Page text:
It might surprise you a bit, but Microsoft has a bunch of free learning on many open source JavaScript topics and we’re on a mission to create a lot more with Project Spartan coming. Check out my own:


And some free tools: Visual Studio Community, Azure Trial, and cross-browser testing tools for Mac, Linux, or Windows.

Tuesday, March 31, 2015

A Baseline for Front-End [JS] Developers: 2015

A Baseline for Front-End [JS] Developers
It's been almost three years since I wrote A Baseline for Front-End Developers, probably my most popular post ever. Three years later, I still get Twitter mentions from people who are discovering it for the first time.

In some ways, my words have aged well: there is, shockingly, nothing from that 2012 post that has me hanging my head in shame. Still, though: three years is a long time, and a whole lot has changed. In 2012 I encouraged people to learn browser dev tools and get on the module bandwagon; CSS pre-processors and client-side templating were still worthy of mention as new-ish things that people might not be sold on; and JSHint was a welcome relief from the #getoffmylawn admonitions – accurate though they may have been – of JSLint.

It's 2015. I want to write an update, but as I sit down to do just that, I realize a couple of things. One, it's arguably not fair to call this stuff a "baseline" – if you thought that about the original post, you'll find it doubly true for this one. One could argue we should consider the good-enough-to-get-a-job skills to be the "baseline". But there are a whole lot of front-end jobs to choose from, and getting one doesn't establish much of a baseline. For me, I don't want to get a job; I want to get invited to great jobs. I don't want to go to work; I want to go to work with talented people. And I don't want to be satisfied with knowing enough to do the work that needed to be done yesterday; I want to know how to do the work that will need to get done tomorrow.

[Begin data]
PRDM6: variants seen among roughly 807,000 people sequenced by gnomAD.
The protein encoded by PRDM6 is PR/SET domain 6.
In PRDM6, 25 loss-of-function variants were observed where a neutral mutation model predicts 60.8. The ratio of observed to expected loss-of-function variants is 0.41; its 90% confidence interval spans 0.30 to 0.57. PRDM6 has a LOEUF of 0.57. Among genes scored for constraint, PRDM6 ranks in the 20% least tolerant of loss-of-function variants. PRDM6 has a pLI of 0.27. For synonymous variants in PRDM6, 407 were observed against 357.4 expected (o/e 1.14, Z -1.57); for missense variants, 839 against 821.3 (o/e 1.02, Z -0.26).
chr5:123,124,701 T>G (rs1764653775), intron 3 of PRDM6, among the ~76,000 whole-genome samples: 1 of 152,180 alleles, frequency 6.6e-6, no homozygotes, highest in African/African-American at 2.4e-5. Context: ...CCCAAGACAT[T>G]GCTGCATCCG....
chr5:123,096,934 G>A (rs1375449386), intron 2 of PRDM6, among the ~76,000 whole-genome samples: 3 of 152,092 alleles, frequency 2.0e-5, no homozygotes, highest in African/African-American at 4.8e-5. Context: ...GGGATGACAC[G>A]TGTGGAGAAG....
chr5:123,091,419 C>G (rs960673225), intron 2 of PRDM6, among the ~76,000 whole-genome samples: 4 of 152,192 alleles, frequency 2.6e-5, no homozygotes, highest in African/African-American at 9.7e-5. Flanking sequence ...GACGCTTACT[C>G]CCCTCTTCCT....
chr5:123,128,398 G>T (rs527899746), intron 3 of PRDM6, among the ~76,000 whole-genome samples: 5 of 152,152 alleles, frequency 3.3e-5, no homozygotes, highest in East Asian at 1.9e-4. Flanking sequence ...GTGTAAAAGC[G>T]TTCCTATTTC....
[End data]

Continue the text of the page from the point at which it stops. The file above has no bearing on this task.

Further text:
Two, my world has become entirely JavaScript-centric: knowledge of the ins and outs of CSS has become less and less relevant to my day-to-day work, except where performance is concerned. I know there are plenty of very smart front-end developers for whom this isn't true, but I have also noticed a growing gulf between those who focus on CSS and those who focus on JavaScript. That's probably a subject for another blog post, but I bring it up just to say: I am woefully unequipped to make recommendations about what you should know about CSS these days, so I'm not going to try.

In short: if this list of things doesn't fit your vision of the front-end world, that's OK! We're both still good people. Promise.